“Of Pedantry” by Michel de Montaigne

Even Montaigne's (the inventor of the essay) Essays came back with with scribbled notes from his fucking professor. "Nice set up but your evidence needs improvement."
“Your stitch up of us pedants is duly noted. Not enough quotations from Ancient Greece. 12/20.”

“Of Pedantry”

I was always annoyed, when watching Italian farces, to see the pedant (teacher, tutor) to be the complete idiot of the play. Perhaps it was because they just weren’t able to explain themselves to the rest of the characters but it seems that a lot of people are annoyed with pedantry. Even the Romans learned to wretch at the words “Greek” and “scholar”. But it must be that those from a clerk mindset aren’t the right ones to be masters of learning.

It finally occurred to me why this is so. It seems that if you jam your head full of knowledge but don’t do the same with understanding and reason, then your head is really just full of facts and nothing more. You don’t become any wiser. Just like you can drown a plant with too much water, too many facts can really cause damage to your mind. Also, you become more fixated on the acquisition of knowledge rather than on understanding it. But you usually see men who have done very well for themselves knowing a lot.

Philosophers are also seen as pretty out there by other people. Do you think they’d ever been sitting on a court bench? I’m sure that they’d want to. They don’t really see high officials, princes and kings with any sort of reverence because they were descended from King So-and-So 20 generations back. That’s just a coincidence and doesn’t seem matter a bit to justice. But that image of philosophers given to us by Plato isn’t really what we’re seeing today of these pedants. Those men were able to make themselves higher through learning. What we see today is the sort of person who learns in order to rub our faces in the fact that they’re so high and we’re so small.

The philosophers were not men just of talk but of action. Archimedes was able to use his skills in Geometry to help his countrymen of Syracuse in devising all sorts of military equipment based on his knowledge. Some others saw how corrupt and inept government officials are and avoided politics altogether. They stuck to Philosophy until the government got its head out of its own ass. They’d rather stay away from idiots and corrupt politicians and theorize on whatever than to stoop so low as to fraternize with those who either aren’t worthy of the company or might corrupt them. Some would rather make a mint in business than to do politics. Some would call those men wise but not prudent but it might also be that they don’t want to deal with all the shit involved in politics.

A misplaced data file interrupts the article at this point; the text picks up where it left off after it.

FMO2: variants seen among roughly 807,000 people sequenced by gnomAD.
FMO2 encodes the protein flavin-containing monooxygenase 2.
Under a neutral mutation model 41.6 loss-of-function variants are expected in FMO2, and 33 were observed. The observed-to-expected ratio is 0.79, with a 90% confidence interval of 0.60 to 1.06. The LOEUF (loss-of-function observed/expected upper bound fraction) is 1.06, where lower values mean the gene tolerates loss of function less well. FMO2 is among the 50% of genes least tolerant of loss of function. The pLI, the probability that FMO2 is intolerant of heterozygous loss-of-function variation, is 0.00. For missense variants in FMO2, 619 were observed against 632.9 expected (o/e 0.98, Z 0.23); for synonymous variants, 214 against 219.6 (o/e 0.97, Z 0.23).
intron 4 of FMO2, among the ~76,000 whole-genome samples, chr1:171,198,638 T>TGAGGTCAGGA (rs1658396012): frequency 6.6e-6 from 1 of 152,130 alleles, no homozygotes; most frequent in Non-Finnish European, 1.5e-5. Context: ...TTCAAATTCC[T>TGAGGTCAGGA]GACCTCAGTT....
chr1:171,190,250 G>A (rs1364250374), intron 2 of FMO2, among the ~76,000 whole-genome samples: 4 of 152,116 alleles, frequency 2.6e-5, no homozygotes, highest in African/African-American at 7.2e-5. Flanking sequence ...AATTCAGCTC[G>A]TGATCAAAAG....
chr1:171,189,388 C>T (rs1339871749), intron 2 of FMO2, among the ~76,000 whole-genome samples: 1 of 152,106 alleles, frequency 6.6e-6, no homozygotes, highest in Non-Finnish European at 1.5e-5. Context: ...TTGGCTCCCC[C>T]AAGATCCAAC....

So it seems that all that money spent on education gives us just pure knowledge and nothing with respect to judgment and reason. We should focus more on who has learned better rather than who has learned more.

It’s like the pedants are just feeding us like birds feed their young. They are just stuffing our mouths with whatever they picked up from somewhere else. We collect this stuff just to collect it. We don’t actually do anything with it. Even I do the same thing dropping quotes from this guy or that guy. It’s as if to say, “oh, look at how much I’ve learned.” Never mind if what I’m quoting has anything to do with what I’m saying or if it’s even true. It’s really just to try to impress everyone with pretty words or how many books you’ve read.

We use other people’s words to say things but what is it that we have to say? We are really just parroting others’ words. That reminds me of some fella in Rome who would always have some scientist around him to have on hand when he was with friends. When he wanted a quote from Seneca or Homer, he’d have the guy give him the quote. The guy thought this was his own knowledge because he employed people who knew him. I know a guy I was talking to who, whenever we were talking about something,  would whip out a book to find out what I was talking about.